British government stands firm on switch-off date
British culture secretary, Tessa Jowell, insists the Government can meet the 2010 deadline for switching off the analogue TV signal, despite warnings it could cost the consumer up to GBP 10 billion.
The British government is still insisting it can meet the 2010 deadline for switching off the analogue TV signal despite the apparent failure of ITV Digital.
The culture secretary, Tessa Jowell, said the switch-off was scheduled for some time between 2006 and 2010, subject to the affordability of digital TV.
"In a year's time we all expect the future will different. We are the digital leader in the world," she told Radio 4's Today programme. Ms Jowell's upbeat mood was in marked contrast to the dire warnings being issued by media pundits following the collapse of ITV Digital.
David Elstein, the former BSkyB director of programmes and Channel 5's chief executive, claimed that getting Britain hooked up to digital television could cost the consumer up to GBP10 billion. Speaking on Murdoch-owned Sky News, Elstein claimed: "This is going to cost the consumer a huge amount of money, possibly GBP10 billion to the public purse." He said all of digital TV had proved an absolute licence to lose money and condemned terrestrial digital television as a "disaster".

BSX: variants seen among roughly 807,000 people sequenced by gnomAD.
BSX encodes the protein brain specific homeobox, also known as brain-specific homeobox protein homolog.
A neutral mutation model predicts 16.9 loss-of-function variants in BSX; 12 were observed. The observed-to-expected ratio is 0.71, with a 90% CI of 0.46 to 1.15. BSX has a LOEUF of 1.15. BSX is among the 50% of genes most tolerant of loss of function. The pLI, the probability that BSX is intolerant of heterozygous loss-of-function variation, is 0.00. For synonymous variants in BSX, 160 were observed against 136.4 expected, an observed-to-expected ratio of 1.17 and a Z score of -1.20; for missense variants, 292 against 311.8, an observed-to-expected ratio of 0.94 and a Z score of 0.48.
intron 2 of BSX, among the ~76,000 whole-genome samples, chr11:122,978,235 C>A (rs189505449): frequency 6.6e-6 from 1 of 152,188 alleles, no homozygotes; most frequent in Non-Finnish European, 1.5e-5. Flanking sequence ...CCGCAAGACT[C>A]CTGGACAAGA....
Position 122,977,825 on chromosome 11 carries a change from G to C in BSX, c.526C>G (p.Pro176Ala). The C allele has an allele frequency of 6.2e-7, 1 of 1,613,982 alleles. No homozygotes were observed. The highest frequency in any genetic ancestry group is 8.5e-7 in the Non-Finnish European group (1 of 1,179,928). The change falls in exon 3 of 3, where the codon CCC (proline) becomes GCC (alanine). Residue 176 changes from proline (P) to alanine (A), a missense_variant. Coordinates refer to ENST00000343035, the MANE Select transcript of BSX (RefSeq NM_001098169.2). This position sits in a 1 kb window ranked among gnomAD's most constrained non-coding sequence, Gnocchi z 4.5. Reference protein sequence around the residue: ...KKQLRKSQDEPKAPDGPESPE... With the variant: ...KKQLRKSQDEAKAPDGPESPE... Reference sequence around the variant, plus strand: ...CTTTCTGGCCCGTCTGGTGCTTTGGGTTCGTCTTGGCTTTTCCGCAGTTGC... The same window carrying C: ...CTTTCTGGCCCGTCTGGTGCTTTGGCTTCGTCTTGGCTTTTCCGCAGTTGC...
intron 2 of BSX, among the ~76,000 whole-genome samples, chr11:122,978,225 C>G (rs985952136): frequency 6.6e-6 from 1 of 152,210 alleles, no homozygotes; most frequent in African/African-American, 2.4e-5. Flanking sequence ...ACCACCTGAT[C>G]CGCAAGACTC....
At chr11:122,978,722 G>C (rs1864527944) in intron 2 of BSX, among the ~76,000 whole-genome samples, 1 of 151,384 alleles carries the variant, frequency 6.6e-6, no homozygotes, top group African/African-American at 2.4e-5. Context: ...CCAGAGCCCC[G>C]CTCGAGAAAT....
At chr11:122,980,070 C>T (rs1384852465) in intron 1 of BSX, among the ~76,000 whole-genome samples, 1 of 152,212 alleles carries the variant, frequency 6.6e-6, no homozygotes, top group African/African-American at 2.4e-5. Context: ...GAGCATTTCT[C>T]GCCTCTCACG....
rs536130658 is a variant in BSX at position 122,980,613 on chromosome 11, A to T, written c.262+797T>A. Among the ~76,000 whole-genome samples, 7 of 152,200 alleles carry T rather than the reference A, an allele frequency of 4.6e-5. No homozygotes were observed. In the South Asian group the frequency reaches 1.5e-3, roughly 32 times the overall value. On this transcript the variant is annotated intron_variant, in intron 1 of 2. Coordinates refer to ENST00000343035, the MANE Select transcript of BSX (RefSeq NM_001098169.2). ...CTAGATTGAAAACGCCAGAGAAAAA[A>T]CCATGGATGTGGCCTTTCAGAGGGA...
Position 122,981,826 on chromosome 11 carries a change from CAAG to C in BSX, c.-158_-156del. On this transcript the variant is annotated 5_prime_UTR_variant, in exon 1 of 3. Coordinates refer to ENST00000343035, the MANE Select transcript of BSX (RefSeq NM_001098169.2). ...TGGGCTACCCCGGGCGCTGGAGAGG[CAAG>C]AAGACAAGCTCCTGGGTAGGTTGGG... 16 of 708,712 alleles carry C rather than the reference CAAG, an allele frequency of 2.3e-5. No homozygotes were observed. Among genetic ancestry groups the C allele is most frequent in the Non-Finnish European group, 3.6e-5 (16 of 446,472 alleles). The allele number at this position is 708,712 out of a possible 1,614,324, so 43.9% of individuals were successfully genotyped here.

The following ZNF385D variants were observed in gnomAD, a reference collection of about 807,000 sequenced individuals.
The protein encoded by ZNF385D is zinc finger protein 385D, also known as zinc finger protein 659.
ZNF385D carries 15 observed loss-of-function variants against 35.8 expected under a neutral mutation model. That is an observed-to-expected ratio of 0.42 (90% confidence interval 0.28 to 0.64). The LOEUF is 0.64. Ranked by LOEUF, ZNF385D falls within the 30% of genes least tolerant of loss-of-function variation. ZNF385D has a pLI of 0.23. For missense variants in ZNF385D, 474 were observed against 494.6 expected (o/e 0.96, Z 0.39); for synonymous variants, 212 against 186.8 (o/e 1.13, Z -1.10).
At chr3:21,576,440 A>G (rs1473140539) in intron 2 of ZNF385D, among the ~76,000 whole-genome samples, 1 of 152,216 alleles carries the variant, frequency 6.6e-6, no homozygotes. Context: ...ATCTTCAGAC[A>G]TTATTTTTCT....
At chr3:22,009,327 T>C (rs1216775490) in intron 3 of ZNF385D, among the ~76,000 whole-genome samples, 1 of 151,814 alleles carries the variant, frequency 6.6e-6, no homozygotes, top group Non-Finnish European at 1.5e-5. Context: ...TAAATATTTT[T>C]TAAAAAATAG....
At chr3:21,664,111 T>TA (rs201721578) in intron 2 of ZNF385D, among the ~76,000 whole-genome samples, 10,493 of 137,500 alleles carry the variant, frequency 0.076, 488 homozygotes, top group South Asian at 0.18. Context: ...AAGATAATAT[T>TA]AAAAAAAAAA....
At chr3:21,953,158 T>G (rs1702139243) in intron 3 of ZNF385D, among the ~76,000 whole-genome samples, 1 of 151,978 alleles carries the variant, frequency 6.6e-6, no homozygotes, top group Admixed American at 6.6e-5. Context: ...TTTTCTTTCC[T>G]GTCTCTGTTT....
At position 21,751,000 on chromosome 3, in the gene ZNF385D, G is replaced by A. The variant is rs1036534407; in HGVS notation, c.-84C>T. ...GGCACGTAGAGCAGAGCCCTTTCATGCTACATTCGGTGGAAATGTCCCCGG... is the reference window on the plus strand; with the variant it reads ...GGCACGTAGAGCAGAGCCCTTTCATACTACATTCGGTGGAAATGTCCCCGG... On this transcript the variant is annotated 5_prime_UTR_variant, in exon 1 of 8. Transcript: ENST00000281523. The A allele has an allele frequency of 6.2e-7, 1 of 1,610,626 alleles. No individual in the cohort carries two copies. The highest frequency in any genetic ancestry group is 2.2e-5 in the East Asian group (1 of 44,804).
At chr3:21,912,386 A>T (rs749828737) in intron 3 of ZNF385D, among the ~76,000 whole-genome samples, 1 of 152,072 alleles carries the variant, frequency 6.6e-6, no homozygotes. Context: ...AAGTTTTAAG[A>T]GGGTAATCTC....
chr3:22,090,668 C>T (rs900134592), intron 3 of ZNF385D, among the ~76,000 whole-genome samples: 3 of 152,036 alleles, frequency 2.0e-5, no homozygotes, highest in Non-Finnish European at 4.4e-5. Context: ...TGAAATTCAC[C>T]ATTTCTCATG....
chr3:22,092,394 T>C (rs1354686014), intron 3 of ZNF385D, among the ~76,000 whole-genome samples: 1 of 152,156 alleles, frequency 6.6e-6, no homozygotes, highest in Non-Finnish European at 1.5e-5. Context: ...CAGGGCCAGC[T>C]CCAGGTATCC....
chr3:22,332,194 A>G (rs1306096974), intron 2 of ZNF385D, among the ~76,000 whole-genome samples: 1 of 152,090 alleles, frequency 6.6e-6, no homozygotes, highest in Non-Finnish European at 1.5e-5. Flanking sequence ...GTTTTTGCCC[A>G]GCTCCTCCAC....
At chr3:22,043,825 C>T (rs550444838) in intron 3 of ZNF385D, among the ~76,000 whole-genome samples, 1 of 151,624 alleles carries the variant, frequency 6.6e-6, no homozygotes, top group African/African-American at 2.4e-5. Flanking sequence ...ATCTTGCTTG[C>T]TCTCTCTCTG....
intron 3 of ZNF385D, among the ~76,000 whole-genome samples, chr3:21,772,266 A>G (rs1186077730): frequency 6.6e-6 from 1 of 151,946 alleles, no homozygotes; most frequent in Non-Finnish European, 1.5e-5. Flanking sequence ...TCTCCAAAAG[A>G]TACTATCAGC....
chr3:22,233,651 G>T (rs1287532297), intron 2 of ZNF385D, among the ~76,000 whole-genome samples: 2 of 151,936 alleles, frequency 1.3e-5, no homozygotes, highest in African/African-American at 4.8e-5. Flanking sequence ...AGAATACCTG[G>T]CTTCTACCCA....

"NTL is virtually broke. Sky has lost [GBP] 1 billion, ITV Digital has lost [GBP] 1 billion. If this is competition, then please bring back monopoly." Mr Elstein was dismissive of the entire digital terrestrial television project, describing it as a "disaster" and noting that consumers could be left to pick up the cost. "What digital terrestrial television offered was a low-grade version of multi-channel television which the government, for whatever reason, wanted.”
The Financial Times commentated that the government's media policies were now "in turmoil" and warned ministers not to attempt to prop up a third pay-per-view platform. "ITV Digital was a commercial venture that went wrong. There is no case for government intervention," it said.
Ms Jowell was adamant the government would not bail out ITV Digital with taxpayers' money even though several football clubs could close as a result of losing their broadcast contracts. She also said there should be a third alternative to the digital platforms on offer from BSkyB and cable.
At present, only 40 per cent of the British public has access to digital TV, and ministers have always maintained they will never switch off the analogue signal until 95 per cent has been converted. But some government sources believe many households are deliberately holding out in the belief that one day they will be given free set-top boxes, an offer Ms Jowell has so far declined to make.